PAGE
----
Sophie Turner stars in Jean Grey’s 90s-set origin story that offers glimpses of intrigue before regressing into a dull CGI-fest
Almost as an aftershock from that gigantic finish to the Marvel Cinematic Universe saga that was Avengers: Endgame, the X-Men series now comes to its own weirdly anticlimactic end. Or maybe it’s truer to say that the prequel series showing the mutants’ younger selves – with James McAvoy rather than Patrick Stewart as Xavier, and Michael Fassbender rather than Ian McKellen as Magneto – has now circled in on itself as far as it can. There is no place to go other than forward to the present day, where we came in.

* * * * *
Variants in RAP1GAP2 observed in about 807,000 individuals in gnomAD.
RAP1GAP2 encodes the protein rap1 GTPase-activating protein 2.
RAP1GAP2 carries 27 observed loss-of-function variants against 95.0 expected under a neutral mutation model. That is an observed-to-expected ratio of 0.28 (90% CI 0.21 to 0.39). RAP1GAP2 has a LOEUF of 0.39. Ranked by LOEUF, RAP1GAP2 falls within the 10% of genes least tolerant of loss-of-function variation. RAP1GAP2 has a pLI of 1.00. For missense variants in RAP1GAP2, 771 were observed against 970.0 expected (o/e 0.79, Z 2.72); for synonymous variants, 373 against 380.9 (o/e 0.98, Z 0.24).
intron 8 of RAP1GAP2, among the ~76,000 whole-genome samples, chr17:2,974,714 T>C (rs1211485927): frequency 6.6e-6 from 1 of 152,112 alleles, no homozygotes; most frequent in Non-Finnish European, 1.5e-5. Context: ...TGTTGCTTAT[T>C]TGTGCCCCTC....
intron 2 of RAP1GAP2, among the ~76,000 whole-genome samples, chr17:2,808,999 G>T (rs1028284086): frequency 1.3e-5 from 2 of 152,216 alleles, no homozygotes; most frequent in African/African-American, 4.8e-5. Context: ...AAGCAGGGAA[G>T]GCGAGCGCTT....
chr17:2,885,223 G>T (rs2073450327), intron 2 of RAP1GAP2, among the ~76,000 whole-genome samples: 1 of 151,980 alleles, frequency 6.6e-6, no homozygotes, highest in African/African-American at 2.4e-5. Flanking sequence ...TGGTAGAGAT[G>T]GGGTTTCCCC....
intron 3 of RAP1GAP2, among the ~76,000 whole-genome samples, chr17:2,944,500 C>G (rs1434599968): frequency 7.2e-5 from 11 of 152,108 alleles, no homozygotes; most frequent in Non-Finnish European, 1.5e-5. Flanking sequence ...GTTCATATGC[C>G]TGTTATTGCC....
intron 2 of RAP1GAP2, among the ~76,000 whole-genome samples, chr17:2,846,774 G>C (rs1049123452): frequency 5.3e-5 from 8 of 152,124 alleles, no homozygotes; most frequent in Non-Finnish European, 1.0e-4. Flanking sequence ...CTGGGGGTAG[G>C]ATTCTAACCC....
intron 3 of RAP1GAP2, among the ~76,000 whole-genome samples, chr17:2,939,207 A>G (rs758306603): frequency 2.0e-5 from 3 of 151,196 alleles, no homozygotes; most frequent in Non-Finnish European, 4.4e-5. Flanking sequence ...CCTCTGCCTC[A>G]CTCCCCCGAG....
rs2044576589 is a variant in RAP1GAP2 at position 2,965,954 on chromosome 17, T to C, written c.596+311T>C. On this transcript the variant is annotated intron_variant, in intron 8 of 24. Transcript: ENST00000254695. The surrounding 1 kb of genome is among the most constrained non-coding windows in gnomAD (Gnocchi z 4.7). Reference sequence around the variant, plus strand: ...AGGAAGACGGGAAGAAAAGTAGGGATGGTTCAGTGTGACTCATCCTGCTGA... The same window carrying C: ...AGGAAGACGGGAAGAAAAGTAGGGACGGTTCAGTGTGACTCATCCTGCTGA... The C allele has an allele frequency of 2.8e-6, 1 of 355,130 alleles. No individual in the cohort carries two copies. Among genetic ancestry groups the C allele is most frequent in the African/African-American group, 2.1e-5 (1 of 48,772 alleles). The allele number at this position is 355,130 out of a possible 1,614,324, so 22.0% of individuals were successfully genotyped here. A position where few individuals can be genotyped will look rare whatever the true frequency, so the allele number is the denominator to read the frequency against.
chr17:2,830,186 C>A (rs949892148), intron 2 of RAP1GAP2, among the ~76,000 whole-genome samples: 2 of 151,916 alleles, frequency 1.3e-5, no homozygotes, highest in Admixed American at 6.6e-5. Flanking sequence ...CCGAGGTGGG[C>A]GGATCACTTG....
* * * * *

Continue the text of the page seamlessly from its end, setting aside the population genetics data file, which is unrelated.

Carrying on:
X-Men: First Class (2011) started us in the 1960s, X-Men: Days of Future Past (2014) took us to a mind-bendingly alternative 1970s and X-Men: Apocalypse (2016) found the mutants in the 1980s with glimpses of Ronald Reagan and William Buckley. Now we are in the early 90s, and Raven (Jennifer Lawrence) is pointing out the misogyny of the gang’s title: the female mutants are saving everyone’s asses – maybe they should be called the X-Women.